One can see why. The board of direc­tors as made up of bankers who had been tied up with fas­cist gov­ern­ments, peo­ple who worked the Jew­ish refugee rack­et dur­ing World War II, a for­mer mem­ber of Mus­solin­i’s cab­i­net, and the son-in-law of Hjal­mar Schacht, the eco­nom­ic wiz­ard behind the Third Reich, who was a friend of Shaw’s. These peo­ple would all appeal to the con­ser­v­a­tive Shaw. There were at least four inter­na­tion­al news­pa­pers that exposed the bizarre activ­i­ties of Per­min­dex when it was in Rome. One prob­lem was the mys­te­ri­ous source of fund­ing: no one knew where it was com­ing from. Anoth­er was that its activ­i­ties report­ed­ly includ­ed assas­si­na­tion attempts on French Pre­mier Charles De Gaulle. Which would make sense since the found­ing mem­ber of Per­min­dex, Fer­enc Nagy, was a close friend of Jacques Soustelle. Soustelle was a leader of the OAS, a group of for­mer French offi­cers who broke with De Gaulle over his Alger­ian pol­i­cy. They lat­er made sev­er­al attempts on De Gaulle’s life, which the CIA was privy to. Again, this mys­te­ri­ous source of fund­ing, plus the rightwing, neo-Fas­cist direc­tors cre­at­ed anoth­er wave of con­tro­ver­sy. One news­pa­per wrote that the orga­ni­za­tion may have been “a crea­ture of the CIA . . . set up as a cove for the trans­fer of CIA . . . funds in Italy for legal polit­i­cal-espi­onage activ­i­ties.” The Schroder con­nec­tion would cer­tain­ly sug­gest that. . . .

His involve­ment with Per­min­dex places him in the transna­tion­al cor­po­rate milieu that spawned fas­cism and Nazism. Key obser­va­tions about Per­min­dex and Shaw’s par­tic­i­pa­tion in it:

  1. Shaw was part of the deep polit­i­cal orbit of the Dulles broth­ers and Sul­li­van & Cromwell.
  2. The Per­min­dex oper­a­tional link to the Schroder Bank places it in the same milieu as the Himm­ler Kreis, the indus­tri­al­ists and financiers who financed the work­ings of the SS through an account in the Schroder Bank.
  3. Shaw was a friend of Hjal­mar Horace Gree­ley Schacht, who became the finance min­is­ter of the Third Reich and was very close to the Dulles broth­ers.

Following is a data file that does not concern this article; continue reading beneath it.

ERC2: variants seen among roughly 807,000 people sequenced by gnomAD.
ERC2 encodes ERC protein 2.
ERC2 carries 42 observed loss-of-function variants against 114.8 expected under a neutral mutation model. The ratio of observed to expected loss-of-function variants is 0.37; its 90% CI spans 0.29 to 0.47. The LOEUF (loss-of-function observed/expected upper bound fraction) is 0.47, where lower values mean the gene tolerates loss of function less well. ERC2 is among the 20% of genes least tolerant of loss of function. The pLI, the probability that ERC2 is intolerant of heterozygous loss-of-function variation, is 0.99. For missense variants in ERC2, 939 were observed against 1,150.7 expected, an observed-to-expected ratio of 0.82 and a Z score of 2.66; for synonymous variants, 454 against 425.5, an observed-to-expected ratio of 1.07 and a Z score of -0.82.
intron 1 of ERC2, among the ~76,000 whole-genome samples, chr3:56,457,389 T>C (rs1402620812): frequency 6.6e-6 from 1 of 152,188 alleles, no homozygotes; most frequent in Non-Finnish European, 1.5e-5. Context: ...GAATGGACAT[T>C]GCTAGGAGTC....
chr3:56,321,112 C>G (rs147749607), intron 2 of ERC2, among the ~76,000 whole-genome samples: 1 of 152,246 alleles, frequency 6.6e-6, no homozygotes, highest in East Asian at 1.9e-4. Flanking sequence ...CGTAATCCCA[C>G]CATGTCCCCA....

4. Per­min­dex was appar­ent­ly involved with the OAS efforts to assas­si­nate De Gaulle. This places Shaw in a net­work includ­ing: Ban­is­ter inves­ti­ga­tor Mau­rice Brooks Gatlin, who boast­ed of hav­ing trans­ferred mon­ey to the OAS from the CIA; Rene Souetre–an OAS oper­a­tive who was expelled from Dallas/Ft. Worth the day of the assas­si­na­tion of JFK.
  5. As dis­cussed in FTR #‘s 1031 and 1032, JFK was an ear­ly crit­ic of the French pol­i­cy in Alge­ria, crit­i­ciz­ing it on the floor of the Sen­ate in 1957.

The con­clu­sion of the broad­cast focus­es large­ly on the CIA’s intense inter­est in the Gar­ri­son inves­ti­ga­tion. This inter­est was man­i­fest­ed through an agency con­clave infor­mal­ly named “The Gar­ri­son Group.”

Des­tiny Betrayed by Jim DiEu­ge­nio; Sky­horse Pub­lish­ing [SC]; Copy­right 1992, 2012 by Jim DiEu­ge­nio; ISBN 978–1‑62087–056‑3; p. 270.

 . . . . Helms want­ed the group to “con­sid­er the pos­si­ble impli­ca­tions for the Agency” of what Gar­ri­son was doing in “New Orleans before, dur­ing, and after the tri­al of Clay Shaw. It is cru­cial to keep in mind the phrase: before, dur­ing, and after. As we will see, the effec­tive admin­is­tra­tor Helms was think­ing not just of some short term fix, but of for­mu­lat­ing a strat­e­gy for the long haul. Accord­ing to the very sketchy memo about this meet­ing, [CIA Gen­er­al Coun­sel Lawrence] Hous­ton dis­cussed his deal­ings with the Jus­tice Depart­ment and the desire of Shaw’s defense to meet with the CIA direct­ly. [Ray] Roc­ca then said some­thing quite omi­nous. He said that he felt “that Gar­ri­son would indeed obtain a con­vic­tion of Shaw for con­spir­ing to assas­si­nate Pres­i­dent Kennedy.” This must have had some impact on the meet­ing. Since every­one must have known that Roc­ca had devel­oped, by bar, the largest data­base on Gar­rison’s inquiry at CIA. . . .

We note that House Select Com­mit­tee on Assas­si­na­tions assis­tant coun­sel Jonathan Black­mer wrote the fol­low­ing:

Des­tiny Betrayed by Jim DiEu­ge­nio; Sky­horse Pub­lish­ing [SC]; Copy­right 1992, 2012 by Jim DiEu­ge­nio; ISBN 978–1‑62087–056‑3; p. 332.

. . . . “We have rea­son to believe Shaw was heav­i­ly involved in the Anti-Cas­tro efforts in New Orleans in the 1960s and [was] pos­si­bly one of the high lev­el plan­ners or ‘cut out’ to the plan­ners of the assas­si­na­tion.” . . . .

The pro­gram con­cludes with analy­sis of Clay Shaw’s close rela­tion­ship to the Stern fam­i­ly of WDSU. In addi­tion to car­ry­ing staged inter­views between Oswald and Car­los Bringuier, the broad­cast out­let pil­lo­ried Jim Gar­ri­son and his tri­al of Clay Shaw.

Cor­rec­tion: David Fer­rie was nev­er actu­al­ly indict­ed by Gar­ri­son, but died just before being indict­ed.